What Fluttering Claws Mean in Red-Eared Sliders:

Red eared sliders are very common turtles both in nature and in captivity. They live primarily in the water, but because they are cold-blooded, they do emerge to modulate their temperature. They live in diverse habitats—from mud holes to ponds, streams, lakes, and large rivers. Red-eared sliders are native to the southern United States, though they are prevalent around the world because they are so popular as pets.

This turtle is thought to have the highest volume of reproduction worldwide and they are often sold to people as hatchlings. They are probably dumped into the wild both in and out of their native habitat more any other turtle species on the planet.

Mating Signs:

The fluttering claw movements that red-eared sliders sometimes exhibit is most often a courtship ritual or “mating dance.” It is most often males that exhibit this behavior, but not exclusively, so you can’t necessarily use this behavior to distinguish between males and females. When some male turtles try to woo females to mate, they approach them underwater and then the turtle will face the other and flutter or vibrate its front claws around the female turtle’s head.2 When the female turtle catches sight of this and is amenable to the invitation, they drop to the aquatic floor. At this point, the pair are ready to mate and fertilize. If a female is put off by all the fluttering, however, she may respond aggressively. Mating takes about 10 to 15 minutes, but turtles can spend another 45 minutes beforehand just fluttering and wooing. Sometimes young red-eared sliders will shake their claws around in an attempt at wooing behavior, even though they’re not ready to mate. Before maturity, the turtle can’t breed successfully, but he can practice claw fluttering so he’s ready when the time comes.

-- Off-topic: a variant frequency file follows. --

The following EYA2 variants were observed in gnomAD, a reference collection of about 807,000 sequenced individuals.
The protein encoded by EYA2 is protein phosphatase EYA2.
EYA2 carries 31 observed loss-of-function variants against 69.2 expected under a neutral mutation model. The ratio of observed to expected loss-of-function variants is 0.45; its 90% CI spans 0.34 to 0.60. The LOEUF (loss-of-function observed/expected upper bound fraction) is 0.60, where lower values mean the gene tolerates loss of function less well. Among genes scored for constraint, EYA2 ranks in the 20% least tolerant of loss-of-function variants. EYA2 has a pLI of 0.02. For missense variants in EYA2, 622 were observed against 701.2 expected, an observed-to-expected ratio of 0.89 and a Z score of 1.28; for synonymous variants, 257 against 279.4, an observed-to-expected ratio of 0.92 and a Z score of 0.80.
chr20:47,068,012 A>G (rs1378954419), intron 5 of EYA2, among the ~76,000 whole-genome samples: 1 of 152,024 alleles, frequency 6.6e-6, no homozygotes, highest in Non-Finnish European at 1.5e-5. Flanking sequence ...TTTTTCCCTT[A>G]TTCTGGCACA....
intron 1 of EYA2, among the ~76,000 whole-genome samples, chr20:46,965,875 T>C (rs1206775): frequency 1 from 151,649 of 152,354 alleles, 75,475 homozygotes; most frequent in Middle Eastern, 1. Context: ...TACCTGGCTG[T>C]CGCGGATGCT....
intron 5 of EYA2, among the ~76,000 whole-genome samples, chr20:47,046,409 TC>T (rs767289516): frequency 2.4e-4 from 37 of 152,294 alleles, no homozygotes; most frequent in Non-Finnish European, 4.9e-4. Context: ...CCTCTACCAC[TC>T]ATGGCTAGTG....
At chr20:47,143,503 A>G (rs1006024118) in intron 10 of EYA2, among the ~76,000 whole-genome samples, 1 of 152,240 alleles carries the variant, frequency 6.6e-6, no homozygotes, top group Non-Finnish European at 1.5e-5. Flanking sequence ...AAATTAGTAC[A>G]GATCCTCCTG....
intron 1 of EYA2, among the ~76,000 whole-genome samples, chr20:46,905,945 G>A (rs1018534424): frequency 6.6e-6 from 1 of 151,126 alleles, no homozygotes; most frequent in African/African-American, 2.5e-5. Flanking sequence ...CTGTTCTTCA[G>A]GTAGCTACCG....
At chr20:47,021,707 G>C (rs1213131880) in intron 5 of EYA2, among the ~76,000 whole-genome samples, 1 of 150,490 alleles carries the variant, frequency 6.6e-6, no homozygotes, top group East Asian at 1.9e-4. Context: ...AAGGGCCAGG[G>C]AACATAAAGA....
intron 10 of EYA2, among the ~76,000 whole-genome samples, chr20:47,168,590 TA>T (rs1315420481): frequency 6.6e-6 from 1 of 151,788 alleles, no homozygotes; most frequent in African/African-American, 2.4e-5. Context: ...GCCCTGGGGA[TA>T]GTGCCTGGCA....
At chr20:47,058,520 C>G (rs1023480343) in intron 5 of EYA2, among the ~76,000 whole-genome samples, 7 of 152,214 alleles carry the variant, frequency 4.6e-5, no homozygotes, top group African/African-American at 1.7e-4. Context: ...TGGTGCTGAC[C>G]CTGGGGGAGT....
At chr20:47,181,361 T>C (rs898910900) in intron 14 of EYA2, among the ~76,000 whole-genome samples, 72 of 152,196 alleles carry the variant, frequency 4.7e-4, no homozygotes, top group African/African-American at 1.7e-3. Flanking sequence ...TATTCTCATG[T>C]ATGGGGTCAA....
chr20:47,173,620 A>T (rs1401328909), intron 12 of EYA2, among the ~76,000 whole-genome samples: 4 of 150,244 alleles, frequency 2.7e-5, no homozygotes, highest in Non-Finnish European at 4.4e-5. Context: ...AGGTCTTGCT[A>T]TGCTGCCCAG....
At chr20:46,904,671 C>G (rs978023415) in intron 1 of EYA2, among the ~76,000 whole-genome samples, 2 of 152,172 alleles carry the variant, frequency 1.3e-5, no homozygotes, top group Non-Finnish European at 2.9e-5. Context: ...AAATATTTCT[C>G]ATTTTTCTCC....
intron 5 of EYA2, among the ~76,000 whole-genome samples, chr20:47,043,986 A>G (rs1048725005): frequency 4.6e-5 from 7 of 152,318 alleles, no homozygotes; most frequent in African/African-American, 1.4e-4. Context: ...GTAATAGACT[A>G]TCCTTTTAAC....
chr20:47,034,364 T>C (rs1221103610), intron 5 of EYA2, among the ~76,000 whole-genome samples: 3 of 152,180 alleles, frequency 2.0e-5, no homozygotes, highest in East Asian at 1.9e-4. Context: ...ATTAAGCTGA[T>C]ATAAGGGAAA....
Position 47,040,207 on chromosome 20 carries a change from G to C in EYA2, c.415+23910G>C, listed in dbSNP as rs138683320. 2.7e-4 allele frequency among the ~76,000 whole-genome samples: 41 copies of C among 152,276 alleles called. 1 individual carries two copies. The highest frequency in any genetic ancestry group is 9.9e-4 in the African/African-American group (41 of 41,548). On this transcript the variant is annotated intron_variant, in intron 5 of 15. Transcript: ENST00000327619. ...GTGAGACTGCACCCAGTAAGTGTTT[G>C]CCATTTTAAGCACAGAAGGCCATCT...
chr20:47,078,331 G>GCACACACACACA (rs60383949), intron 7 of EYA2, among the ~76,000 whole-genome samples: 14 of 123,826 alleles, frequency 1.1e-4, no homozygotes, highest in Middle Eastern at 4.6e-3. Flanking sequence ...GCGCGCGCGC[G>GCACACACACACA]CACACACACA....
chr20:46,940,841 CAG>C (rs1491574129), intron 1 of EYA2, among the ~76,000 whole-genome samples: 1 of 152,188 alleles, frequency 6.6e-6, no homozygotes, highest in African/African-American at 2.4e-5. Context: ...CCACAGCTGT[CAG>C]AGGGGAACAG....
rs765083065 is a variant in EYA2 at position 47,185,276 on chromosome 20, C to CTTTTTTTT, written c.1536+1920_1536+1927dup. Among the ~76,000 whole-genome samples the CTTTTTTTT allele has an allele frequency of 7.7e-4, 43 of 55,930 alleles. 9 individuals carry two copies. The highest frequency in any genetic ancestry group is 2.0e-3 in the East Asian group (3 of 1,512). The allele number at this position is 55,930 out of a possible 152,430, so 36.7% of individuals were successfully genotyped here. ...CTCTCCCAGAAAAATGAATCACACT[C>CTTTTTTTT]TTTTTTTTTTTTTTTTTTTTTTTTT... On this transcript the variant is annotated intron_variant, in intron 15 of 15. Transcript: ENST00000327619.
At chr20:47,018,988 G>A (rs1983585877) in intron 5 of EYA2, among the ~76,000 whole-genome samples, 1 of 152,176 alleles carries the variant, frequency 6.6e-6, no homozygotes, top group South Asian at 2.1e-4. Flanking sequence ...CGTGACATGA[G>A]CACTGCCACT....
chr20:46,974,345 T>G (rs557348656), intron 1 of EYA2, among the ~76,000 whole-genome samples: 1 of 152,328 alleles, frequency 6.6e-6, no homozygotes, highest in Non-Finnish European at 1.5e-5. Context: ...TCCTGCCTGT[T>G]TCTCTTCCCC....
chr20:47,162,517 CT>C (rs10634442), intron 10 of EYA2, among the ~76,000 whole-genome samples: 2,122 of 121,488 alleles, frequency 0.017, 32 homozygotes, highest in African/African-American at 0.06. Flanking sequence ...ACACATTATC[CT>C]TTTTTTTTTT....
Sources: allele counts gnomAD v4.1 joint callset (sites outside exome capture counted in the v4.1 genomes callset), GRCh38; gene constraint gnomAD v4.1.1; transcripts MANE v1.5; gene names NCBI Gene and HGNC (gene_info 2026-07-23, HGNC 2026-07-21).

Instead of fluttering, some turtles take a more gentle approach, using their claws to softly stroke the female’s face rather than shaking. The male’s claws, which are especially long (and noticeably longer than those of the females), are particularly suited to this special caress.

Establishing Dominance:

Performing this courtship ritual does not necessarily mean mating will occur, though, and sometimes it is thought to be more of a display of dominance or territorial behavior. Male turtles sometimes flutter their front claws in front of other males to express their higher social status. This is often an indicator that a physical battle is forthcoming during which the turtles might bite each other with their beaks, as they don’t have teeth.

Frequently Asked Questions:

The fluttering claw movements that red-eared sliders sometimes exhibit is most often a courtship ritual or "mating dance." It is most often males that exhibit this behavior, but not exclusively, so you can't necessarily use this behavior to distinguish between males and females.

If you ever notice a pet turtle appearing to shake or flutter his "arms," or front claws, in the presence of an individual of the opposite sex, you're not simply seeing things. The behavior is a pretty common one in the turtle world, and generally signifies the urge to mate, although not always.

Why Does My Turtle Try To Bite Me? Although some species of turtles are less aggressive than others, just about every turtle will snap at you if it feels threatened. If your turtle is trying or has bitten you, it was probably because it felt scared.

Turtles might have Salmonella germs on their bodies even when they appear healthy and clean. When people touch turtles, the germs can get on hands or clothing. This is true for any turtle—no matter if they are in a home, at a petting zoo or school, or in the wild.


In conclusion ,red eared sliders shaking their hands is an unusual behavior that can be caused by various factors. It can be a sign that the slider is feeling threatened, or it may also indicate boredom or hunger. As owners, it’s important to adjust the tank environment and provide a balanced diet so that your pet red eared slider feels comfortable and healthy. Keeping an eye on these behaviors, as well as being aware of other signs of distress can help you ensure your turtle’s well-being.